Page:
Posted by Karl Striedieck on April 7, 2012
From a weather standpoint, May is a transition period between the vigorous systems of winter and the more tranquil and stable airmasses typical of summer in the northeast US. In other words, soaring pilots can experience everything associated with polar continental and maritime tropical, and mixtures thereof.
Typically, weather systems in May cycle through a sequence starting with the passage of a cold front, followed by a high-pressure system giving way to increasing moisture and a warm southwesterly flow until another cold front five or so days later repeats the process.
Cold fronts that are followed by strong (15+ mph) winds give this region of the country its famous ridge running conditions. Generally, these fronts also usher in an air mass with good visibility and the strongest thermals.
Increasing moisture in the southwesterly flow around the backside of the Bermuda High brings lower visibility and warmer temperatures. Cumulus clouds are more frequent but the cloudbases in this air mass are usually on the order of 4000’ to 5000’ above ground. Bases at 7,000’ to 9000’ agl are not uncommon a day or two after a May cold front.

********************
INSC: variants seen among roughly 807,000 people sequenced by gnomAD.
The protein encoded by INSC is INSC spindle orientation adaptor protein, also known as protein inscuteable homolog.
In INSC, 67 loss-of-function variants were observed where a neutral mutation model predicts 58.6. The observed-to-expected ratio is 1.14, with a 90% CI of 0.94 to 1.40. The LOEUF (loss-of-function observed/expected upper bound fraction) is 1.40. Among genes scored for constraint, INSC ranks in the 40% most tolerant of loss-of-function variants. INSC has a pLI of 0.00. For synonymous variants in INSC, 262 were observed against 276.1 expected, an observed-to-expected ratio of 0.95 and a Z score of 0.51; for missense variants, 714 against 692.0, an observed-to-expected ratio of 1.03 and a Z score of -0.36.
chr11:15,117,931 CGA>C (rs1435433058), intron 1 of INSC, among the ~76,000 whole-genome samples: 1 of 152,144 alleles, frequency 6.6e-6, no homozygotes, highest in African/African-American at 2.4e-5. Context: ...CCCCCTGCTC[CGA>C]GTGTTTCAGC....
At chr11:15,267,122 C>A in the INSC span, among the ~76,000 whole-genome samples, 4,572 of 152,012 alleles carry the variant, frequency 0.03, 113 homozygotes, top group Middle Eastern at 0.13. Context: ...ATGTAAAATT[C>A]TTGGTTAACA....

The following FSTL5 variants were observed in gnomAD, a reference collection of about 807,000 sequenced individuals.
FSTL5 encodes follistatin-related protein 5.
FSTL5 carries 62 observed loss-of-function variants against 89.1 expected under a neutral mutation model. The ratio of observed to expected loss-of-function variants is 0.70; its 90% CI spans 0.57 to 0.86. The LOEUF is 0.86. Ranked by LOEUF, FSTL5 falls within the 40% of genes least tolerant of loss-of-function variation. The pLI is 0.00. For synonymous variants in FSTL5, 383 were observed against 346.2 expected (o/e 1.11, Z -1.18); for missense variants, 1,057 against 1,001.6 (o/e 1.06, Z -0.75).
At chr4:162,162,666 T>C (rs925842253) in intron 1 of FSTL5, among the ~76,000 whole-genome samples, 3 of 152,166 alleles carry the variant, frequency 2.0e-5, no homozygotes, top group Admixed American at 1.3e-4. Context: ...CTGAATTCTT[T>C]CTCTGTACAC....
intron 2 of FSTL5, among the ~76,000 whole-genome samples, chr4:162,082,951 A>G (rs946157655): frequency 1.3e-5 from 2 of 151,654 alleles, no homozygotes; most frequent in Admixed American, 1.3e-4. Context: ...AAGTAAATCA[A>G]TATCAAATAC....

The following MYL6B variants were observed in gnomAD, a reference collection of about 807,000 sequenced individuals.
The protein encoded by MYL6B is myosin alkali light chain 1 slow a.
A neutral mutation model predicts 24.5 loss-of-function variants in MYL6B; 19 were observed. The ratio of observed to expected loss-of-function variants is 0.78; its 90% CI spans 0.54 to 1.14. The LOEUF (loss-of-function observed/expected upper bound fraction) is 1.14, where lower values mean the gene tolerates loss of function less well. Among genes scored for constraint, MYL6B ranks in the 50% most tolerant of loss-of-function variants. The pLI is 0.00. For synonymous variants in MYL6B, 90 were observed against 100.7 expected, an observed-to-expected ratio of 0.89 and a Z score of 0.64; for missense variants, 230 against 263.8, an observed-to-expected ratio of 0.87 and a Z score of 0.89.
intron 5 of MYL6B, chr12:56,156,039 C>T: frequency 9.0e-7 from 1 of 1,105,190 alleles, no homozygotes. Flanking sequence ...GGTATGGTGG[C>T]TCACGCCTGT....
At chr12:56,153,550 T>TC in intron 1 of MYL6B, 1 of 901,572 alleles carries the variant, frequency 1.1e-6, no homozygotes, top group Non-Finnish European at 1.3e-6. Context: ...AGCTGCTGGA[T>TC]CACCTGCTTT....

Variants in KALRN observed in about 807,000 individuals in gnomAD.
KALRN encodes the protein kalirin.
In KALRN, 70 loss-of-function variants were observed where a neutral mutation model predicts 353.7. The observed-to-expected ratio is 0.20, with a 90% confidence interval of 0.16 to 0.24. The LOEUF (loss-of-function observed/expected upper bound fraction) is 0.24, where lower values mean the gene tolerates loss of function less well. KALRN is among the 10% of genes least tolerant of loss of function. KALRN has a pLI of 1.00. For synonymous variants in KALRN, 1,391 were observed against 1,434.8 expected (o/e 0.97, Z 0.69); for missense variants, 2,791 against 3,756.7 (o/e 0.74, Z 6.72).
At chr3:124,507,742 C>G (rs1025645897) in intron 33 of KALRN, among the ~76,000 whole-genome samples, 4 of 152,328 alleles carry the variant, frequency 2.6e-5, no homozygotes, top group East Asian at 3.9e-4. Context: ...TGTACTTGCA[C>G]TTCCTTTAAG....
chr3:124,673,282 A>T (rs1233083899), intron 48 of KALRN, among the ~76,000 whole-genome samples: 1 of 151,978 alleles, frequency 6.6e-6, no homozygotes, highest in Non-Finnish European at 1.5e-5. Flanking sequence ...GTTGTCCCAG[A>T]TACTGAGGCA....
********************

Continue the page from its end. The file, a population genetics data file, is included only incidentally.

Previous contests held at this site in May have had atypical weather as well. Sometimes an omega block develops in the upper air pattern and depending on where that is it can be good or bad for soaring. In 1991 the region was stuck in a hot, hazy high that begrudged us six flyable days. In 1998 good weather remained over the area and there were nine strong contest days. In 2004 lousy weather resulted in the 15 Meters Nationals not achieving a contest.
Broadly speaking, pilots can expect contests held in this part of the country to feature seven contest days. Statistically, there will be one day with ridge running, a day with cumulus at 7,000’, a blue day with good lift to 6,000’, a couple days of cumulus at 5000’ and perhaps a squeaker day with cirrus interfering with convectivity.